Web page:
Why Go Green with a Captive Audience? Boston’s Logan International Airport Flies High…
Awaiting my return flight from a trip to Boston, I heard an interesting announcement as I was zipping up my boots after security screening. It turns out that Boston Logan International Airport, New England’s largest transportation center, which serves over 20 million passengers each year and employs 12,000, is one of the nation’s most environmentally advanced transportation hubs. In 2008, Boston Logan won the Environmental Management Award presented by the Airports Council International – North America (ACI-NA) in large part as a result of their efforts to improve emissions in and around the airport
Logan’s passenger terminal and general aviation facility were the world’s first to be certified in Leadership in Energy and Environmental Design (LEED; it Airport incorporates daylighting, recycled materials, water conservation and a reflective roof into its design. There are recycling bins throughout its facilities, including containers for bottles and cans at the entrances to all security checkpoints. Logan was the first airport in the United States to use “warm-mix” additives in asphalt to repave runways, saving fuel and reducing emissions by 20%. Eco-friendly transportation options such as requesting one of the 400 hybrid cabs that service Logan, downloading free iPhone apps to save on shared cab rides, and utilizing high-occupancy vehicle (HOV), subway service and clean diesel and electric bus lines are recommended prominently on the Massport’s Environment page .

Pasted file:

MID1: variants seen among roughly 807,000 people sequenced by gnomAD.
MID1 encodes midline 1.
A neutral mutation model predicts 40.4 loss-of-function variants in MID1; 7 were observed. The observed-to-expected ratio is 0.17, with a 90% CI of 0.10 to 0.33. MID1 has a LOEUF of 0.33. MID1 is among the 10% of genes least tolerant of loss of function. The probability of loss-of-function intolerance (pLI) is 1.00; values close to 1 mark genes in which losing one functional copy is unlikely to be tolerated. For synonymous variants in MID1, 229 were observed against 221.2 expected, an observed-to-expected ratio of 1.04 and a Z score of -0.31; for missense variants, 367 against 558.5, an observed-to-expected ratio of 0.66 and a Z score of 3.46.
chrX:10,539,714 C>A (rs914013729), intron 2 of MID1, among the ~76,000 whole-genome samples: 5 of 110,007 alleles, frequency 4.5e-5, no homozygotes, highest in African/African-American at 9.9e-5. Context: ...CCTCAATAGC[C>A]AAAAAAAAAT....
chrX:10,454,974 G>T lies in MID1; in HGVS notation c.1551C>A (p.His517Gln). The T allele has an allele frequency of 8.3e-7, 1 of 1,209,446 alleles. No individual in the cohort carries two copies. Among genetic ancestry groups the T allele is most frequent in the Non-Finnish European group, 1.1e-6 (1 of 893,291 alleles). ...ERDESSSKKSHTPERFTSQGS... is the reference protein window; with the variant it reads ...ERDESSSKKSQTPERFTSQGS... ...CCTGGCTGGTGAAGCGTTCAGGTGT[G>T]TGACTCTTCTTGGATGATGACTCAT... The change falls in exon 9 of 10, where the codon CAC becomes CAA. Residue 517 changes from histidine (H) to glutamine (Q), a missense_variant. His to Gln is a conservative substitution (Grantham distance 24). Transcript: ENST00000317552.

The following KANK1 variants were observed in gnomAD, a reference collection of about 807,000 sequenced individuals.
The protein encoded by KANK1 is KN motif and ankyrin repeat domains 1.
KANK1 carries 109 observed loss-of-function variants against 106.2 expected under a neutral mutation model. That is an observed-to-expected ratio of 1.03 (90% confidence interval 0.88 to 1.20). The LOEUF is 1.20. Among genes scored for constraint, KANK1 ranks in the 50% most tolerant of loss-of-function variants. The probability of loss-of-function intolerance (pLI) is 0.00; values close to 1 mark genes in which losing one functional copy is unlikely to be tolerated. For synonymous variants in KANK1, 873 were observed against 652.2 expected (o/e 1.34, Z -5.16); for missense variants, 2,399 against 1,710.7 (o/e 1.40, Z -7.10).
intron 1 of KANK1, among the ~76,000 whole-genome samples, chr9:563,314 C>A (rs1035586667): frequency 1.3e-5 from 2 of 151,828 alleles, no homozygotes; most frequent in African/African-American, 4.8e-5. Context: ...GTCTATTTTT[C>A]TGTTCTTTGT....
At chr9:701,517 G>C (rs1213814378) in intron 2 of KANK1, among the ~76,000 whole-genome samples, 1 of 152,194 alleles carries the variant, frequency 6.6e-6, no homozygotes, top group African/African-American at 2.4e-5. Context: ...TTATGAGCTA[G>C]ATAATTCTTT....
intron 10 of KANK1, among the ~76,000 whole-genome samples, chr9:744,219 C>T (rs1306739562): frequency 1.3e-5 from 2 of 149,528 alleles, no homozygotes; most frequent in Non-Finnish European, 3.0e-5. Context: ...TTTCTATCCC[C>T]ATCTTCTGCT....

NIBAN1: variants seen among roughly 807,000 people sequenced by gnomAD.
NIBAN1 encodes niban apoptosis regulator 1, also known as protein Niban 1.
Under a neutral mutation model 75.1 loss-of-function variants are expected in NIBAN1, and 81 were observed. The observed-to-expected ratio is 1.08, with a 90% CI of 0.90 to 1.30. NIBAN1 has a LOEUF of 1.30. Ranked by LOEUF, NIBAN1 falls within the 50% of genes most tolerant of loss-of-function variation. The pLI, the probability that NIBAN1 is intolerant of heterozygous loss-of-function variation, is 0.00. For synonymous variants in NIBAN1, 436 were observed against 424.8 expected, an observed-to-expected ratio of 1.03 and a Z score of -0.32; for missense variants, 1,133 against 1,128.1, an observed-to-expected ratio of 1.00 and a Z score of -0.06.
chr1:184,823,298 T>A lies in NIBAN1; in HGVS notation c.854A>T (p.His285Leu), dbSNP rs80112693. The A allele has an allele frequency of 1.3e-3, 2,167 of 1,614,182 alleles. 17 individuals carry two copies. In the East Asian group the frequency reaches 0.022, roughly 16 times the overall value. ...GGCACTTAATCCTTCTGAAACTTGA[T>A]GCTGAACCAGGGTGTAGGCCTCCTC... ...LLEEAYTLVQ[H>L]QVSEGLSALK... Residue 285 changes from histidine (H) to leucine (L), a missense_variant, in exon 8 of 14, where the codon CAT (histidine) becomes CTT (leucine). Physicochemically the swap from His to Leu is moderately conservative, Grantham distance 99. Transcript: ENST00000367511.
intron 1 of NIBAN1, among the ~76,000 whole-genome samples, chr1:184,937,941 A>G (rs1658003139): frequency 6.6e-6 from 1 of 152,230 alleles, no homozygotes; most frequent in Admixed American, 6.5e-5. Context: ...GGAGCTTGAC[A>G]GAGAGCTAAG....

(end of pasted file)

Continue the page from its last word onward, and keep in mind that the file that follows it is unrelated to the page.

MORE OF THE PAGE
All of these impressive credentials beg the question: WHY? Certainly airport passengers are a captive audience; it’s not as if those flying into Boston have a choice NOT to arrive at Logan International. Where’s the imperative to be competitive, other than measures required for regulatory compliance? While it is true that there is a veritable alphabet soup of quasi-governmental agencies imposing and monitoring rules on airports and other public transportation entities, some embrace sustainable practices more than others. The same holds true in the corporate world, where sustainability initiatives are viewed as an afterthought by some and a fully-integrated, highly valued business strategy by others.
In a 2007 presentation to the American Association of Port Authorities (AAPA), Matt Goldman with Weston Solutions, Inc. identified the “business case for improved sustainability” as follows:
• Varies significantly from organization-toorganization
• Increased revenue
• Improved relationship with key stakeholders
• Reduced risk – financial and environmental
• Enhanced access to capital
• Enhanced long-term viability of operations
• Reduced costs for operations
• Improved employee productivity
• Enhanced brand image
• Improved recruitment and retention of employees
The presentation demonstrated a degree of integration of these notions throughout the Massachusetts Port Authority, discussing stakeholder engagement as well as the growing expectation for transparency and reporting.
So if airports and transportation authorities – smack in the middle of energy-intensive infrastructure and services – can manage to integrate such policies, there must be compelling reasons. Not only must they truly buy in to the environmental and societal benefits to these initiatives, but the cost-benefit analysis must also pencil out well for them. Surely if these steps make sense at such a macro level, they can be scaled to great benefit in smaller companies.